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Blog / Jun. 11

European Fashion Execs Share Omnichannel Planning Priorities

Tim Wheeler

Long before retailers had to think about blockchain, chatbots and a never-ending list of hyped technologies, the retail premise was relatively simple: right product, right place, right time.

And in a lot of ways, the concept of having the right merchandise available, when and where the consumer wants to purchase it, still holds true today.

The complexity of achieving that, however, has not remained static. Merchandising complexity has reached epic proportions, driven by unyielding and dynamic consumer expectations. We want more products available, faster. Those products – and their pricing – need to take into account who we are as individuals and how we perceive value. And as retailers, we cannot assume to know the true origin of demand simply because an order was placed in one channel and fulfilled in another.

Indeed, omnichannel retailing has turned the entire merchandise lifecycle management process on its head.

Retail Planning Roundtable Is Called to Order

To uncover the top priorities retailers are facing when it comes to omnichannel planning and merchandise lifecycle management, Aptos convened an Executive Roundtable at The Berkeley Hotel in London on 22 May. We welcomed executives from some of the foremost fashion brands in Europe.

Here are the topics we used as a starting-off point for the discussion:

Hyperlocalisation – Most retailers want to be able to offer a more curated customer experience and orient their stores at a local level. The challenge is how to do this accurately and at scale. How are you doing this? Do you have access to the right data to make the right decisions?

Planning in a Fast-Moving Environment – We know the pace of change in retail is unprecedented. How can a fluid and agile planning process that allows for flexibility be achieved without losing the attention to detail that makes you a successful retailer?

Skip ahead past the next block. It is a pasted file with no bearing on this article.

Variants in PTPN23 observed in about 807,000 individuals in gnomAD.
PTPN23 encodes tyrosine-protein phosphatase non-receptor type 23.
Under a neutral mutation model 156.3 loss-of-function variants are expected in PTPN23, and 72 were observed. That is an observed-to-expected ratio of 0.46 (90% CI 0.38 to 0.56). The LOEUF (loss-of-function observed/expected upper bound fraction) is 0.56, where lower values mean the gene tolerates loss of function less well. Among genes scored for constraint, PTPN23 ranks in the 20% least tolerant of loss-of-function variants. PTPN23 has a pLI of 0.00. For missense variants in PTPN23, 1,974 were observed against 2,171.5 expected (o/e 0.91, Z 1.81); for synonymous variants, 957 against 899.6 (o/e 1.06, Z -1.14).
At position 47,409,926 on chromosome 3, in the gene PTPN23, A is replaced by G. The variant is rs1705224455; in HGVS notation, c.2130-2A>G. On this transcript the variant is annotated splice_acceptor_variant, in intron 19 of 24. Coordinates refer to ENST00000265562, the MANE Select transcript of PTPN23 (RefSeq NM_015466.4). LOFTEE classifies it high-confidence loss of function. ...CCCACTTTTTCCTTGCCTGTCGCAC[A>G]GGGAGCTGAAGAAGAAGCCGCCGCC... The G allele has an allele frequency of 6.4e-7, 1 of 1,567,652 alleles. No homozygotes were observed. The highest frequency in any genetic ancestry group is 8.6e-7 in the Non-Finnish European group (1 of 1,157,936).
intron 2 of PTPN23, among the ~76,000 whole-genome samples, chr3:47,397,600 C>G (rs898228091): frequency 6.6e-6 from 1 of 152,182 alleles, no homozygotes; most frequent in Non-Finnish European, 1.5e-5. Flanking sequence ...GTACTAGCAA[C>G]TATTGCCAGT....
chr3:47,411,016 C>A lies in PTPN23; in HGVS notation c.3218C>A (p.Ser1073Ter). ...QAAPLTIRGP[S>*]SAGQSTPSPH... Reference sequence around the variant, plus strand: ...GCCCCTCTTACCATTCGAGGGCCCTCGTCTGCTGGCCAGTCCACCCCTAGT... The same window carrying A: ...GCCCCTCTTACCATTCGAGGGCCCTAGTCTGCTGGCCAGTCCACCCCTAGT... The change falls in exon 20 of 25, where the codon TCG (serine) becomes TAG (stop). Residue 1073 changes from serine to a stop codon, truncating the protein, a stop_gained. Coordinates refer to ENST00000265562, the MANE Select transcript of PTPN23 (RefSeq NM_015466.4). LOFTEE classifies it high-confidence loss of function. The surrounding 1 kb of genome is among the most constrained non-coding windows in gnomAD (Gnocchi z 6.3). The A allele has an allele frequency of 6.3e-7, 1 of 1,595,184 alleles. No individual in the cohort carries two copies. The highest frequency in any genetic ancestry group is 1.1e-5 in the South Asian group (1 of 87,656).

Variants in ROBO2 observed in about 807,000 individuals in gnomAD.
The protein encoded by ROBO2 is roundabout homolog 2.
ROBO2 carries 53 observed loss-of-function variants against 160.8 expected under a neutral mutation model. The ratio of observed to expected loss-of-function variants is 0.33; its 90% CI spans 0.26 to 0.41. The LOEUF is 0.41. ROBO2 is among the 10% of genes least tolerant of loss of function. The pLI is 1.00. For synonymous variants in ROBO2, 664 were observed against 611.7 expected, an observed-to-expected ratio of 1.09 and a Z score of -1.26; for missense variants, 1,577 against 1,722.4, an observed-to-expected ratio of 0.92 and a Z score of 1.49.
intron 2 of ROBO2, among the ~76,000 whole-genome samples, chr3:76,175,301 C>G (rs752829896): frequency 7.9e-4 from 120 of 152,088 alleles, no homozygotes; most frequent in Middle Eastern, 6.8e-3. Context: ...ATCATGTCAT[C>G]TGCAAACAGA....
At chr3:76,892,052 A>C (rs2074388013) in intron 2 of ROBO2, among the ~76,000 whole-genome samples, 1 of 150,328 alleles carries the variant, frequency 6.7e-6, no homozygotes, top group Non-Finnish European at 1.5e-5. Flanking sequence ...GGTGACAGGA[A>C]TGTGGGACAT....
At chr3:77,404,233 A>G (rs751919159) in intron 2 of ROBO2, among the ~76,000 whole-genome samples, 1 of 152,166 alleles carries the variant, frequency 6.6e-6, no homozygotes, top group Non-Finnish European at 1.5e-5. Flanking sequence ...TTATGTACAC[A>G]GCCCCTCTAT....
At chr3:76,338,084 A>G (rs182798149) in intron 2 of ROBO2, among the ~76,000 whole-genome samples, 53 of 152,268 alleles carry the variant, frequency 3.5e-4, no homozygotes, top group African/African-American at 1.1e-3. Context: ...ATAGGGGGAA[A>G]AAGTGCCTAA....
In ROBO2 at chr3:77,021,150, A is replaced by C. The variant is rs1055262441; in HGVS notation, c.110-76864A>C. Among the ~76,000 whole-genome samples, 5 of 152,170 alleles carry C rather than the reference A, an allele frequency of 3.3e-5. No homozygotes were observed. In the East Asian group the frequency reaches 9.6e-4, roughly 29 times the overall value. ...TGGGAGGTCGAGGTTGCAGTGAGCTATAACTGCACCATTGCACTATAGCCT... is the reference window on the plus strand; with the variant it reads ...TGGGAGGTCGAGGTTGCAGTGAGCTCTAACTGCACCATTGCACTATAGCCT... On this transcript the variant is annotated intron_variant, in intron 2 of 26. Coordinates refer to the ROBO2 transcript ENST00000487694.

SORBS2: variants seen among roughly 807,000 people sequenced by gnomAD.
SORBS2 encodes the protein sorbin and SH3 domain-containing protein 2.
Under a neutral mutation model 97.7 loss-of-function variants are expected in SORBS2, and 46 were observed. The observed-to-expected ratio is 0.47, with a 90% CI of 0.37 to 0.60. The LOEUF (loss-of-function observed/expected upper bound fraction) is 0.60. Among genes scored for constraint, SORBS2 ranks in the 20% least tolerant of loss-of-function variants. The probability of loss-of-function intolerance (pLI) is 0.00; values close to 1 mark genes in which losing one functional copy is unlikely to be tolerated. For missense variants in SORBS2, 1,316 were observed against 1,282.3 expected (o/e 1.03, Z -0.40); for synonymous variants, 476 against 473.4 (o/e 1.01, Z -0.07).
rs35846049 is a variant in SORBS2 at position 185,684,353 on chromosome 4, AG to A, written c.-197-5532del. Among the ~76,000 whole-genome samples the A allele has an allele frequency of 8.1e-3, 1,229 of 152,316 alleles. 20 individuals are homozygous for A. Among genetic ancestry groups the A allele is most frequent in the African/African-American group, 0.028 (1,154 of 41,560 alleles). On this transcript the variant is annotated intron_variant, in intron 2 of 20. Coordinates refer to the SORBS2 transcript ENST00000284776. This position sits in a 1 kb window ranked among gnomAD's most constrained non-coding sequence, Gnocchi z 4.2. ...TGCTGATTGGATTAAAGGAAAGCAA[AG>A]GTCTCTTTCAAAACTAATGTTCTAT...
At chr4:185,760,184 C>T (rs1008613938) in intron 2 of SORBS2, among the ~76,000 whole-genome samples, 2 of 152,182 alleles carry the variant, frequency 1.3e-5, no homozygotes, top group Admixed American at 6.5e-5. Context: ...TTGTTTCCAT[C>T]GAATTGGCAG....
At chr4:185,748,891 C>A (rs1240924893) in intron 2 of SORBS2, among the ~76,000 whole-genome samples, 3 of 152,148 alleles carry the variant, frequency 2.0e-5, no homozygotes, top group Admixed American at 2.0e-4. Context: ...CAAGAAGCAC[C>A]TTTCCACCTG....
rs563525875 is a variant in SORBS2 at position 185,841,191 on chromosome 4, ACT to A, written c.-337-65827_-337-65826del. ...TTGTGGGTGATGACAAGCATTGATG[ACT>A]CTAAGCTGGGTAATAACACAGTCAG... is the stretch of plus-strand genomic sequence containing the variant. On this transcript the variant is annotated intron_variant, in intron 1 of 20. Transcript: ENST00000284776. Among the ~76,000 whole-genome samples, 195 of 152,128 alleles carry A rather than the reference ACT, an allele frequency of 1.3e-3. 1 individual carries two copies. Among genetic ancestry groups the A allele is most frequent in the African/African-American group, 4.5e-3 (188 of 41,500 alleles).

Measuring Success in an Omnichannel Environment – Traditional KPIs just don’t cut it anymore. How do you measure success with so many channels fulfilling the customer purchase?

Roundtable Attendees Share Their Top Planning Priorities

When you have a half-day session of robust dialogue, the result is a myriad of learnings, insights and best practices – too many to do them justice in a blog post. In addition to the topics tackled above, recurring themes presented themselves throughout the event.

These five themes, which I’ve summarised below, are what I believe are the most pressing on retailers’ minds when it comes to planning in an omnichannel world:

  1. Retail Planning: much more than a back-office function
    One topic all attendees could agree on was that retail planning touches every area of the business and is central to performance. While planning can be cast as a ‘back office function,’ the ability – or inability – to successfully plan, allocate and assort merchandise has a significant impact on customer journeys. As ‘buy anywhere, fulfil anywhere’ becomes the new reality, retailers need to remove silos in their planning processes and centralise merchandise planning. Once planning is centralised, retailers can set sales/margin targets for all products, brands and channels they serve, while harmonising buying decisions to expected demand.